Search Results

You are looking at 1 - 10 of 144 items for :

  • risk prediction x
  • Refine by Access: All x
Clear All
Full access

Rachel Leisso, Ines Hanrahan, and Jim Mattheis

temperature data and at-harvest quality measures that were evaluated for their ability to predict incidence of soft scald at 12 weeks of storage. The dashed line indicates the threshold value for either low- or high-risk prediction. GDD = growing degree day

Full access

Steve M. Spangler, Dennis D. Calvin, Joe Russo, and Jay Schlegel

predict the risk of harvest infestation by european corn borer at the time of planting. Development of an at-planting prediction system would increase the ability of growers to anticipate harvest infestation, and, therefore, needed management resources (i

Full access

Mark P. Widrlechner, Christopher Daly, Markus Keller, and Kim Kaplan

Horticulturists have long recognized that the accurate prediction of winter injury is a key component of the effective cultivation of long-lived woody and herbaceous perennial plants in many climates. Winter injury can limit long-term plant survival

Free access

D. Clay Collins and Steven E. Newman

The Leaf Wetness Data Logger (LWL) and accompanying Logbook software were designed by Spectrum Technologies Inc. as a low-maintenance tool to aid in disease prediction and spray scheduling for outdoor field-grown crops. The LWL mimics leaf surface moisture represented as a value between 0 (dry) and 15 (wet). We explored an expanded use of the LWL to large-scale commercial greenhouses for the purpose of humidity control and disease prevention. Data were collected over 15 days in a commercial hydroponic tomato production greenhouse and repeated. Results indicated that leaf wetness, as determined by the LWL, increased during irrigation periods, with cumulative effects dependent on daily irrigation requirements and climate. Irrigation was controlled by the climate control computer in response to cumulative radiation intensity. By analyzing leaf wetness in correlation with climatic conditions, more adequate irrigation scheduling may be implemented, reducing the risk of disease spread and infection.

Full access

Hudson Minshew, John Selker, Delbert Hemphill, and Richard P. Dick

Predicting leaching of residual soil nitrate-nitrogen (NO3-N) in wet climates is important for reducing risks of groundwater contamination and conserving soil N. The goal of this research was to determine the potential to use easily measurable or readily available soilclimatic-plant data that could be put into simple computer models and used to predict NO3 leaching under various management systems. Two computer programs were compared for their potential to predict monthly NO3-N leaching losses in western Oregon vegetable systems with or without cover crops. The models were a statistical multiple linear regression (MLR) model and the commercially available Nitrate Leaching and Economical Analysis Package model (NLEAP 1.13). The best MLR model found using stepwise regression to predict annual leachate NO3-N had four independent variables (log transformed fall soil NO3-N, leachate volume, summer crop N uptake, and N fertilizer rate) (P < 0.001, R 2 = 0.57). Comparisons were made between NLEAP and field data for mass of NO3-N leached between the months of September and May from 1992 to 1997. Predictions with NLEAP showed greater correlation to observed data during high-rainfall years compared to dry or averagerainfall years. The model was found to be sensitive to yield estimates, but vegetation management choices were limiting for vegetable crops and for systems that included a cover crop.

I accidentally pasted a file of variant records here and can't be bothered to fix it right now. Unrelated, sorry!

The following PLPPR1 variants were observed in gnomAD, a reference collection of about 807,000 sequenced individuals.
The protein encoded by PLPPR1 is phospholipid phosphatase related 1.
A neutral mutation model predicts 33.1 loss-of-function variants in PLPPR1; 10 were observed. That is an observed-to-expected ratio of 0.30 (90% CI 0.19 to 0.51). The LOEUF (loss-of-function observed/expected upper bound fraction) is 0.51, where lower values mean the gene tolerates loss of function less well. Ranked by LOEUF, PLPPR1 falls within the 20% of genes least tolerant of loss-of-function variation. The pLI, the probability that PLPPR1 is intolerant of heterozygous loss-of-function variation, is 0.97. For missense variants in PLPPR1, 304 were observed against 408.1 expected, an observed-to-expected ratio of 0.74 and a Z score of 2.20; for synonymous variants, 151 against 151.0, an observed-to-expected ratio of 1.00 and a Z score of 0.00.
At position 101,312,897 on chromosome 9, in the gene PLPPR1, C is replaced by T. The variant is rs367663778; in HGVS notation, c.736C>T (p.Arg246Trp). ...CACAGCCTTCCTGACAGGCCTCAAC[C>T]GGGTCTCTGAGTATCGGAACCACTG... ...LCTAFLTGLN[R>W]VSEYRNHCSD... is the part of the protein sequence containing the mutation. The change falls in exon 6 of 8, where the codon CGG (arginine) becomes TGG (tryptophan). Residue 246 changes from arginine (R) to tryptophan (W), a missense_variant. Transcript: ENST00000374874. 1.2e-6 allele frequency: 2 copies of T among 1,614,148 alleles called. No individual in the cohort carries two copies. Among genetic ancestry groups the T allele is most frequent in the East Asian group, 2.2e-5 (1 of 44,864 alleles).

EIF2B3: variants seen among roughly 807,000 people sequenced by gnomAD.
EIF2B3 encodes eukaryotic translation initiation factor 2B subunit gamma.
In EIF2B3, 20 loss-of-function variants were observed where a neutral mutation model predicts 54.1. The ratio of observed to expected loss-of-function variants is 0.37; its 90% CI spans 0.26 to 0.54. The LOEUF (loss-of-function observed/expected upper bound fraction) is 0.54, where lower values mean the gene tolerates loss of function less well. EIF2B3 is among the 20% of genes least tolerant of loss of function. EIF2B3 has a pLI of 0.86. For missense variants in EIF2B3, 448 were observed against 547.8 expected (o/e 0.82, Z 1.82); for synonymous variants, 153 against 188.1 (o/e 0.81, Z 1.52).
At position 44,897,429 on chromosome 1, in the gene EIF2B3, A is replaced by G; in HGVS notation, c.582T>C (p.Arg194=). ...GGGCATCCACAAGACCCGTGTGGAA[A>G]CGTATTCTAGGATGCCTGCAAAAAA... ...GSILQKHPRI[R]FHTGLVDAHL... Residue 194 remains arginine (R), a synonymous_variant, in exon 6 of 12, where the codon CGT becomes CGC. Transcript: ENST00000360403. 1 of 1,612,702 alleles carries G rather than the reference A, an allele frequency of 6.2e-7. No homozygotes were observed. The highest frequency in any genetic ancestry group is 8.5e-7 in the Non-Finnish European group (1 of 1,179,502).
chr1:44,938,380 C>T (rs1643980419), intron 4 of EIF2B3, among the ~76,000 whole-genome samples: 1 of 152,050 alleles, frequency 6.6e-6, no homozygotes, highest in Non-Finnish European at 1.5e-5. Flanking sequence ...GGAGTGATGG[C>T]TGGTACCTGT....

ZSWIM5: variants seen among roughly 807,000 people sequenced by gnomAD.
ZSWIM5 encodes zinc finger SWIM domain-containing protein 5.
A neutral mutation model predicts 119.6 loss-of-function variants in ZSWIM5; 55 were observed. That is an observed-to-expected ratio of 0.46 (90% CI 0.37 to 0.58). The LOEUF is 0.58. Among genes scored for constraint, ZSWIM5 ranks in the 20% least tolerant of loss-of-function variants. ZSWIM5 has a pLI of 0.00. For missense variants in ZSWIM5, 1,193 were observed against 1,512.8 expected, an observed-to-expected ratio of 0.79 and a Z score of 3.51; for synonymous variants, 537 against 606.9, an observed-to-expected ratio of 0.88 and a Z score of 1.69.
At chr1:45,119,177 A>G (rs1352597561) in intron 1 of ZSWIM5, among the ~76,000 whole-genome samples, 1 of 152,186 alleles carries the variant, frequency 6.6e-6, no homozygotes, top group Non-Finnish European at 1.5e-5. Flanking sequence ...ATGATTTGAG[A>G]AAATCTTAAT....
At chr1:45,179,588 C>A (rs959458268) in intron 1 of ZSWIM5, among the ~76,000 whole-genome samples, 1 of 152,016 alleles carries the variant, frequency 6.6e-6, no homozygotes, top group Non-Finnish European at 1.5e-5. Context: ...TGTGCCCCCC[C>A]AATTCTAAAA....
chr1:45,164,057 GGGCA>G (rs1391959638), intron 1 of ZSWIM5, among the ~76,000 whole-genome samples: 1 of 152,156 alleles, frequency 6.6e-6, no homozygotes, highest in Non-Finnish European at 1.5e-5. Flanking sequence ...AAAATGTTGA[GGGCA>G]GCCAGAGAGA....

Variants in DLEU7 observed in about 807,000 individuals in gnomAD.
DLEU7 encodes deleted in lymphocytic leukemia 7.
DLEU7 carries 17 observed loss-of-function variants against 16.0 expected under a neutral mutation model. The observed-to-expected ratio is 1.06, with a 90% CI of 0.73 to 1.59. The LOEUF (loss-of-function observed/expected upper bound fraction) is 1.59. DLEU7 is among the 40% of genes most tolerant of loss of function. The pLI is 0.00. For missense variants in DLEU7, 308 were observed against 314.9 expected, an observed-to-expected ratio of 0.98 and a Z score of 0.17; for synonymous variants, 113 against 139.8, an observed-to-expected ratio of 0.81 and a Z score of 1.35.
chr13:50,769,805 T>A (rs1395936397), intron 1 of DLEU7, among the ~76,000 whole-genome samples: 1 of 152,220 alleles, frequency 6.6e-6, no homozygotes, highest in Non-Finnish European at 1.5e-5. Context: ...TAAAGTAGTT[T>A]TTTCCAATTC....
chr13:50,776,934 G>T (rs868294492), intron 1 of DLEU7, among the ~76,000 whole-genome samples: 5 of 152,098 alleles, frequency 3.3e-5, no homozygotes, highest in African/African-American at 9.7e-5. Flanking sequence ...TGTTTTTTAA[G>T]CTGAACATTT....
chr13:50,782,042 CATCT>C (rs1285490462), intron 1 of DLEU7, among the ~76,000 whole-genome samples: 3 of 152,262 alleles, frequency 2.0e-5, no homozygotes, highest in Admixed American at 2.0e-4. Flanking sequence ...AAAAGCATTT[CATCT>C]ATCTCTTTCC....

Free access

Arthur T. DeGaetano

., 2005 ) and native species ( Schwartz et al., 2006 ). This has raised concerns that warming winter temperatures may paradoxically increase the risk of spring freeze injury as accelerated development may not outpace the decline in the probability of

Free access

Maude Lachapelle, Gaétan Bourgeois, Jennifer R. DeEll, Katrine A. Stewart, and Philippe Séguin

). This model mainly uses functions that include maximum and minimum temperatures and solar radiation during the months of July and August. A daily risk index is calculated starting from the phenological stage of fruit set, providing prediction in real

Free access

Charles E. Barrett, Lincoln Zotarelli, Lucas G. Paranhos, Peter Dittmar, Clyde W. Fraisse, and John VanSickle

Incorporating weather-related risk into yield prediction models can help the vegetable growers to decide between alternative production systems, given uncertain weather during the growing season. Regression models were simulated stochastically to predict cabbage

Full access

W.G. Harris, M. Chrysostome, T.A. Obreza, and V.D. Nair

schedule. Another approach to assessing risk of P leaching is to model vertical P transport based on P sorption characteristics and loading factors (e.g., Rhue et al., 2006 ). Such models can provide a prediction of the time it would take for elevated P

Free access

Robert C. Ebel, Monte Nesbitt, William A. Dozier Jr., and Fenny Dane

freeze injury. Furthermore, more cold-hardy cultivars ( Zhang et al., 2002 ) and the potential of genetic modification to enhance cold tolerance ( Iba, 2002 ; Nolte et al., 1997 ) may reduce the risk of freeze injury. Satsuma mandarins represent a